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Caddoan languages

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Title: Caddoan languages  
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Subject: List of language families, Indian Territory, Arikara language, Pawnee language, Caddo
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Caddoan languages

Caddoan
Geographic
distribution:
Great Plains, North America
Linguistic classification: One of the world's primary language families
Subdivisions:
  • Northern
  • Southern
ISO 639-5: cdd
Glottolog: cadd1255[1]
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Caddoan languages

The Caddoan languages are a family of Native American languages. They are spoken by Native Americans in parts of the Great Plains of the central United States, from North Dakota south to Oklahoma.

Contents

  • Family division 1
  • Pre-history of Caddoan 2
  • External relations 3
  • Notes 4
  • Further reading 5
  • External links 6

Family division

Five languages belong to the Caddoan language family:

The Kitsai language is now extinct, as its members were absorbed in the 19th century into the Wichita tribe. All of the other Caddoan languages are critically endangered; Caddo is now spoken by only 25 people, Pawnee by 20, Arikara by three, and Wichita by just one tribal elder, Doris McLemore. Caddo, Wichita, and Pawnee are spoken in Oklahoma by small numbers of tribal elders. Arikara is spoken on the Fort Berthold Reservation in North Dakota.

Speakers of some of the languages were formerly more widespread; the Caddo, for example, used to live in northeastern Texas, southwestern Arkansas, and northwestern Louisiana, as well as southeastern Oklahoma. The Pawnee formerly lived along the Platte River in what is now Nebraska.

Pre-history of Caddoan

Glottochronology is a controversial method of reconstructing in broad detail the history of a language and its relationships. In the case of proto-Caddoan it appears that it divided into two branches, Northern and Southern, more than 3,000 years ago. (The division of the language implies also a geographic or political separation.) South Caddoan or Caddo proper evolved in north-eastern Texas and adjacent Oklahoma, Arkansas, and Louisiana. No daughter languages are known, although some probably existed in the 16th and 17th century but were not recorded.

Northern Caddoan evolved into several different languages. The language that became Wichita (with several different dialects) branched off about 2,000 years ago. Kitsai separated from the Northern Caddoan stem about 12 centuries ago and Pawnee and Arikara separated 300 to 500 years ago.[2]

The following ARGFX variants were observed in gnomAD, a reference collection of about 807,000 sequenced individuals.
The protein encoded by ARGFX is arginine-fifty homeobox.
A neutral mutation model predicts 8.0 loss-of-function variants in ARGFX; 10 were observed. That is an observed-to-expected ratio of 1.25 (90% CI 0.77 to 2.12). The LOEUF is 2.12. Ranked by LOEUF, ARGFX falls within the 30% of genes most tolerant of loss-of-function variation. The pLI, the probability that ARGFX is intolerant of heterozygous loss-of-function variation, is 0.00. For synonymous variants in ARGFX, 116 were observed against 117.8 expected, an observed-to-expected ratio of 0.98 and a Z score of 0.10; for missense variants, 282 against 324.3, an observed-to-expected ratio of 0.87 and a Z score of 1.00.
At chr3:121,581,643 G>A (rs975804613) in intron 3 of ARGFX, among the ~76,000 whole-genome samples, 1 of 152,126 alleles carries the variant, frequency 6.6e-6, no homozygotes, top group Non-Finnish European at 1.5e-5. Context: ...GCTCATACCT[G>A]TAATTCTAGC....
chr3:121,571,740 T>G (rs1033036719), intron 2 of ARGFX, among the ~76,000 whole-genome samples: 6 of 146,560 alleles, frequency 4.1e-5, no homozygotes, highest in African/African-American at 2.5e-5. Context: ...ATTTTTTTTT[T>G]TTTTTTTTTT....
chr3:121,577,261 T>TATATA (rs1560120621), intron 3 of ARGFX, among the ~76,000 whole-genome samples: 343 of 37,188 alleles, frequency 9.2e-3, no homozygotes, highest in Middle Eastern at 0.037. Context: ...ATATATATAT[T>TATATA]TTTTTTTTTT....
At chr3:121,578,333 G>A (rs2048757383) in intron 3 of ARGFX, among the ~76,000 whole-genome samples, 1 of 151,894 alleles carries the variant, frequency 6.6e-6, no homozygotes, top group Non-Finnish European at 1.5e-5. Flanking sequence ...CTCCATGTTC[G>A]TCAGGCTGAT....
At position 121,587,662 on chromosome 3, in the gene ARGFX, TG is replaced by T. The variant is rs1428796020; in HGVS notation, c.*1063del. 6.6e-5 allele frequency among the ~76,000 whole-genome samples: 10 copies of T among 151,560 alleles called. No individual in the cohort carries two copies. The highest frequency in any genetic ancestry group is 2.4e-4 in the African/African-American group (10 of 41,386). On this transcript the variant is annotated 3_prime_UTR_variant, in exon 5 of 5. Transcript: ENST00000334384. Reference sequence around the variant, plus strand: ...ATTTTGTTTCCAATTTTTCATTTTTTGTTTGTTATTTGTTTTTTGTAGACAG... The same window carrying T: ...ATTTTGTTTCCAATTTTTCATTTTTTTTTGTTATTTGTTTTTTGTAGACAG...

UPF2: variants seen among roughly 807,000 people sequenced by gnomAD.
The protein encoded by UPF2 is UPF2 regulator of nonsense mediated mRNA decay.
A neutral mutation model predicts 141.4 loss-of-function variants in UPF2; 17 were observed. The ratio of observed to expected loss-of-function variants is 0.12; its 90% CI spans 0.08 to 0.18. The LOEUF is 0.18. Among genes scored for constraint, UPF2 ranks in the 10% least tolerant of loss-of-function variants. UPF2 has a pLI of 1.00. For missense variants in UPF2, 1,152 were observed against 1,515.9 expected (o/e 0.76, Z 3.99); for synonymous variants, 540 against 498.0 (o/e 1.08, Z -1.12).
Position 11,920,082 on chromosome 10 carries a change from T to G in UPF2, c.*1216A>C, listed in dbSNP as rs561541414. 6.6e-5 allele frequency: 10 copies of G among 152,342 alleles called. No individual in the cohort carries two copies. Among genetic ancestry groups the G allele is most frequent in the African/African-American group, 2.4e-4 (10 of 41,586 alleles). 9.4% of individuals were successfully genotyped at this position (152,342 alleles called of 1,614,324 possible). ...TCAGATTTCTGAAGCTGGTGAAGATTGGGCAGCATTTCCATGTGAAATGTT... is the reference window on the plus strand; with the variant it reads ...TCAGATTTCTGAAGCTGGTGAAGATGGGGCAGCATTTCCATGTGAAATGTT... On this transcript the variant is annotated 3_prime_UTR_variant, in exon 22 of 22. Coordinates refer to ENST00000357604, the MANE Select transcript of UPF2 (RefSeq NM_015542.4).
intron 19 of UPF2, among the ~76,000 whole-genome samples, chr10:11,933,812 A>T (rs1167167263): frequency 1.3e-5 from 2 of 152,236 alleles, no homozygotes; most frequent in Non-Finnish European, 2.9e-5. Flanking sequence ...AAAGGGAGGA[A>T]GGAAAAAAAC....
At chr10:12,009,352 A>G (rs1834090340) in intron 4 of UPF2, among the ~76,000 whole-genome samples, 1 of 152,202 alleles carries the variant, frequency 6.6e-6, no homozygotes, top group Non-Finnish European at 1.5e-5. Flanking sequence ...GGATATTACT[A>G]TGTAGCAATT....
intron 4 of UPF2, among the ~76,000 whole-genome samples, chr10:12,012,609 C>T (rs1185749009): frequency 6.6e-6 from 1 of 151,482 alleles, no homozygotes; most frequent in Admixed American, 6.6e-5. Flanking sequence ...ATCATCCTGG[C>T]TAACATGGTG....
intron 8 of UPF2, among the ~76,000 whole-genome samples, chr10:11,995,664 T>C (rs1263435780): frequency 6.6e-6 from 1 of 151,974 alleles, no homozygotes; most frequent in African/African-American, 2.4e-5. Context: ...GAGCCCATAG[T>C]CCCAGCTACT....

External relations

Adai, a language isolate known only from a 275-word list collected in 1804, may be a Caddoan language. The documentation is too scanty to determine with certainty. The Adai lived in Louisiana.[3] The language of the Ais, who lived adjacent to the Caddo, was a distinct language, but was probably related to Caddoan.[4] (Another unrelated people also called the Ais lived in Florida.) Some linguists believe that the Caddoan and Iroquoian languages may be connected in a Macro-Siouan language family, but work is suggestive and the theory remains hypothetical. Similar attempts to find a connection with the Algonquian languages have been inconclusive. There is insufficient evidence for linguists to propose a hypothetical Macro-Algonquian/Iroquoian language family.[5]

Notes

  1. ^ Nordhoff, Sebastian; Hammarström, Harald; Forkel, Robert; Haspelmath, Martin, eds. (2013). "Caddoan".  
  2. ^ "Caddoan Tree", Texas Beyond History, accessed 30 May 2011; Schleser, Karl H. Plains Indians, A.D. 500 to 1500: The Archaeological Past of Historic Groups. Norman: U of OK Press, 1994, pp. 147-148
  3. ^ "Adai." Native Languages, accessed 1 Jun 2011
  4. ^ "Who were the Ais." Texas Beyond History, accessed 1 Jun 2011
  5. ^ Mithun, Marianne. The languages of native North America. Cambridge, UK: Cambridge University Press, 1999, p. 305

Further reading

  • Campbell, Lyle. (1997). American Indian languages: The historical linguistics of Native America. New York: Oxford University Press. ISBN 0-19-509427-1.
  • Chafe, Wallace L. (1973). Siouan, Iroquoian, and Caddoan. In T. Sebeok (Ed.), Current trends in linguistics (Vol. 10, pp. 1164–1209). The Hague: Mouton. (Reprinted as Chafe 1976).
  • Chafe, Wallace L. (1976). Siouan, Iroquoian, and Caddoan. In T. Sebeok (Ed.), Native languages in the Americas (pp. 527–572). New York: Plenum. (Originally published as Chafe 1973).
  • Chafe, Wallace L. (1976). The Caddoan, Iroquioan, and Siouan languages. Trends in linguistics; State-of-the-art report (No. 3). The Hague: Mouton. ISBN 90-279-3443-6.
  • Chafe, Wallace L. (1979). Caddoan. In L. Campbell & M. Mithun (Eds.), The languages of Native America: Historical and comparative assessment (pp. 213–235). Austin: University of Texas Press. ISBN 0-292-74624-5.
  • Chafe, Wallace L. (1993). Indian languages: Siouan–Caddoan. Encyclopedia of the North American colonies (Vol. 3). New York: C. Scribner's Sons ISBN 0-684-19611-5.
  • Lesser, Alexander; & Weltfish, Gene. (1932). Composition of the Caddoan linguistic stock. Smithsonian Miscellaneous Collections, 87 (6), 1-15.
  • Melnar, Lynette R. Caddo Verb Morphology(2004) University of Nebraska Press, ISBN 978-0-8032-2088-1
  • Mithun, Marianne. (1999). The languages of Native North America. Cambridge: Cambridge University Press. ISBN 0-521-23228-7 (hbk); ISBN 0-521-29875-X.
  • Taylor, Allan. (1963). Comparative Caddoan. International Journal of American Linguistics, 29, 113-131.

External links

  • American Indian Studies Research Institute's Northern Caddoan Linguistic Text Corpora by the Indiana University-Bloomington
  • Dictionary Database Search (includes Arikara, Skiri Pawnee, South Band Pawnee, Assiniboine [Nakoda], and Yanktonai Sioux [Dakota])
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